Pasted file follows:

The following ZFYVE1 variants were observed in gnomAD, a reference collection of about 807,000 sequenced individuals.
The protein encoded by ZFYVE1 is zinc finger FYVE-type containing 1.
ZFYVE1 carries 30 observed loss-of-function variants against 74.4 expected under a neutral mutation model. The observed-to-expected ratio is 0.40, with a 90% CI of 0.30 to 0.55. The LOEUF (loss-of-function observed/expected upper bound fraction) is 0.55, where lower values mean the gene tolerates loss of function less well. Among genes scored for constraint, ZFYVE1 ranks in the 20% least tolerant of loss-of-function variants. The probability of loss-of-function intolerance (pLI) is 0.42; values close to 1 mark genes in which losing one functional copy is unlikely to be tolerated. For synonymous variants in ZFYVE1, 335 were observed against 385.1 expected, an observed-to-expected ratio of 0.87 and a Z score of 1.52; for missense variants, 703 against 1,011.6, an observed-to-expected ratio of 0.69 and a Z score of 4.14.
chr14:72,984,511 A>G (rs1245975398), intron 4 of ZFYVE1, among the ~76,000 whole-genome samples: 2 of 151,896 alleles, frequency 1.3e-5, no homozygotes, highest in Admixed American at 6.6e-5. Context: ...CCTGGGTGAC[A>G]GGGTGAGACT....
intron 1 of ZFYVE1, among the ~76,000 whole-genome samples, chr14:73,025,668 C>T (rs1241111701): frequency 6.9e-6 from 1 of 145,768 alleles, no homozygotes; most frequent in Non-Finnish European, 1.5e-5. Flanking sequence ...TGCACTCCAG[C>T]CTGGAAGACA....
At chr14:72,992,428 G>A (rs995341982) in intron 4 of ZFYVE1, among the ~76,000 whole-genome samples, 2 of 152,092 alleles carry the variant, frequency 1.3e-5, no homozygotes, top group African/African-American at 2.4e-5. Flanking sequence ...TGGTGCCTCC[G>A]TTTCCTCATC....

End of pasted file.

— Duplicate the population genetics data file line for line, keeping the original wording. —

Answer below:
The following ZFYVE1 variants were observed in gnomAD, a reference collection of about 807,000 sequenced individuals.
The protein encoded by ZFYVE1 is zinc finger FYVE-type containing 1.
ZFYVE1 carries 30 observed loss-of-function variants against 74.4 expected under a neutral mutation model. The observed-to-expected ratio is 0.40, with a 90% CI of 0.30 to 0.55. The LOEUF (loss-of-function observed/expected upper bound fraction) is 0.55, where lower values mean the gene tolerates loss of function less well. Among genes scored for constraint, ZFYVE1 ranks in the 20% least tolerant of loss-of-function variants. The probability of loss-of-function intolerance (pLI) is 0.42; values close to 1 mark genes in which losing one functional copy is unlikely to be tolerated. For synonymous variants in ZFYVE1, 335 were observed against 385.1 expected, an observed-to-expected ratio of 0.87 and a Z score of 1.52; for missense variants, 703 against 1,011.6, an observed-to-expected ratio of 0.69 and a Z score of 4.14.
chr14:72,984,511 A>G (rs1245975398), intron 4 of ZFYVE1, among the ~76,000 whole-genome samples: 2 of 151,896 alleles, frequency 1.3e-5, no homozygotes, highest in Admixed American at 6.6e-5. Context: ...CCTGGGTGAC[A>G]GGGTGAGACT....
intron 1 of ZFYVE1, among the ~76,000 whole-genome samples, chr14:73,025,668 C>T (rs1241111701): frequency 6.9e-6 from 1 of 145,768 alleles, no homozygotes; most frequent in Non-Finnish European, 1.5e-5. Flanking sequence ...TGCACTCCAG[C>T]CTGGAAGACA....
At chr14:72,992,428 G>A (rs995341982) in intron 4 of ZFYVE1, among the ~76,000 whole-genome samples, 2 of 152,092 alleles carry the variant, frequency 1.3e-5, no homozygotes, top group African/African-American at 2.4e-5. Flanking sequence ...TGGTGCCTCC[G>A]TTTCCTCATC....